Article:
THE NORWICH TERRIER

AND THE NORFOLK TERRIER

A NORFOLK TERRIER

A NORFOLK TERRIER

Our dog Wesley looks very much like a Norfolk Terrier but although there must be Norfolk blood in his ancestry, and he was born in a Norfolk village, he is officially a mutt or mongrel. He is also a little bit taller than a true Norfolk Terrier, and also slightly longer in the back.

The Norwich Terrier is very similar to a Norfolk Terrier, the difference being in the ears. Whereas the ears of the Norfolk Terrier droop the ears of the Norwich Terrier prick up. The Norwich Terrier is the older breed. Until the early 1960s there was only one breed known as the Norwich Terrier with two ear types. The Norwich Terrier was first recognised as a breed by the Kennel Club in 1932, and not in America until 1936. The two different breeds were recognized by the American Kennel Club in 1979 and in the UK some years earlier. Both  the Norwich and the Norfolk  terrier have the same jolly temperament.

This sort of terrier had been known for many years before, but without official recognition. They had earlier been known as the Cantab (i.e. Cambridge) Terrier as they had been fashionable pets kept by the undergraduates in the nineteenth century. The Cantab even became the unofficial mascot of the University. Things have changed, and I doubt that a student would be encouraged to keep a dog in his or her rooms today.

Another name was Trumpington Terriers after Trumpington Street in Cambridge. They were supplied by a dealer named Charles “Doggy” Lawrence who lived there. One of  Lawrence’s dogs sired a puppy called Rags who was acquired by Mr Jack Cooke, the Master of the Norwich Staghounds. Lewis “Podge” Low, the son of a Norwich vet had several litters sired by Rags with his white terrier bitch called Ninety. From a photograph of 1905, showing Ninety and one of her pups, it looks very like what came to known as a Norwich Terrier.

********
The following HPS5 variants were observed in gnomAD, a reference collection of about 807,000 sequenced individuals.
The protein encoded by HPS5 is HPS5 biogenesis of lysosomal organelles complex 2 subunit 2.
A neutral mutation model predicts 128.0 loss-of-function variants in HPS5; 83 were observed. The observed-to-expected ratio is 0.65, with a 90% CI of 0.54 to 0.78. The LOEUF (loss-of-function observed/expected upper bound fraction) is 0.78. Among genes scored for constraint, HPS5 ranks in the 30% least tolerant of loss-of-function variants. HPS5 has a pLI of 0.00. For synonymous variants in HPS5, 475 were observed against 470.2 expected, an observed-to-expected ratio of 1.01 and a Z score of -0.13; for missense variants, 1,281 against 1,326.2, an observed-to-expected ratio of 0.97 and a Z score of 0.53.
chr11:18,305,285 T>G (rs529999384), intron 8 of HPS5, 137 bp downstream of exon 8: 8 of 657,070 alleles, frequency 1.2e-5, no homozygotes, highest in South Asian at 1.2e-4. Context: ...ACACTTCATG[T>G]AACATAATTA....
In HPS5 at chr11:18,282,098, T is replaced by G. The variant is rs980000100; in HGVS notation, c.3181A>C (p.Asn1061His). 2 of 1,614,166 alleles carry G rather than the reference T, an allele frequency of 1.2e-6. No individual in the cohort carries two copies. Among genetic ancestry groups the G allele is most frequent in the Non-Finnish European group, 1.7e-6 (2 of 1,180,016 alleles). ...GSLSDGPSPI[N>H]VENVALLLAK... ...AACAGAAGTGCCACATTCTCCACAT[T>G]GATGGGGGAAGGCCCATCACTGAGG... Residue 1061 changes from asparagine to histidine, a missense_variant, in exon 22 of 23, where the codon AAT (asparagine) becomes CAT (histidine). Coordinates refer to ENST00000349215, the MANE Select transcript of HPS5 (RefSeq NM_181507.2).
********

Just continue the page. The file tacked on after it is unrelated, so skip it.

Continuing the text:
Wesley, a Norfolk mongrel.

Wesley, a Norfolk mongrel.

Thus the Norwich Terrier was developed in East Anglia from the last quarter of the 19th century but the breed was still evolving. They are the smallest of the working terriers; despite their companionable nature they were bred as rat catchers. Now, although they retain their hunting instincts, they are almost entirely used as pets. They are courageous dogs and not nervous.

Back in the early years of last century the First Whip of the Norwich Staghounds, Frank Jones, bought some of “Podge” Low’s dogs which he found popular with the sporting fraternity. He began breeding from his own dogs. He sold the pups all over the country and even exported them to America, where they were named after him as Jones Terriers. Several other breeders in Norfolk and further afield also experimented with breeding to produce a dog with the characteristics we now know as a Norwich Terrier.

In 1909 Mr R. J. Read acquired a pup of Rags and Ninety and proceeded to cross the offspring with a Bedlington, a Staffordshire Bull Terrier and a small Irish Terrier. When the Breed Club was established in England in the 1930s Mr Read became its first President.

CLICK HERE to read more on the history of the Norwich terrier and to see a picture of “Podge” Low and his dogs.

JOSEPH MASON

joemasonspage@gmail.com

FOR MEMORIES OF EAST ANGLIA

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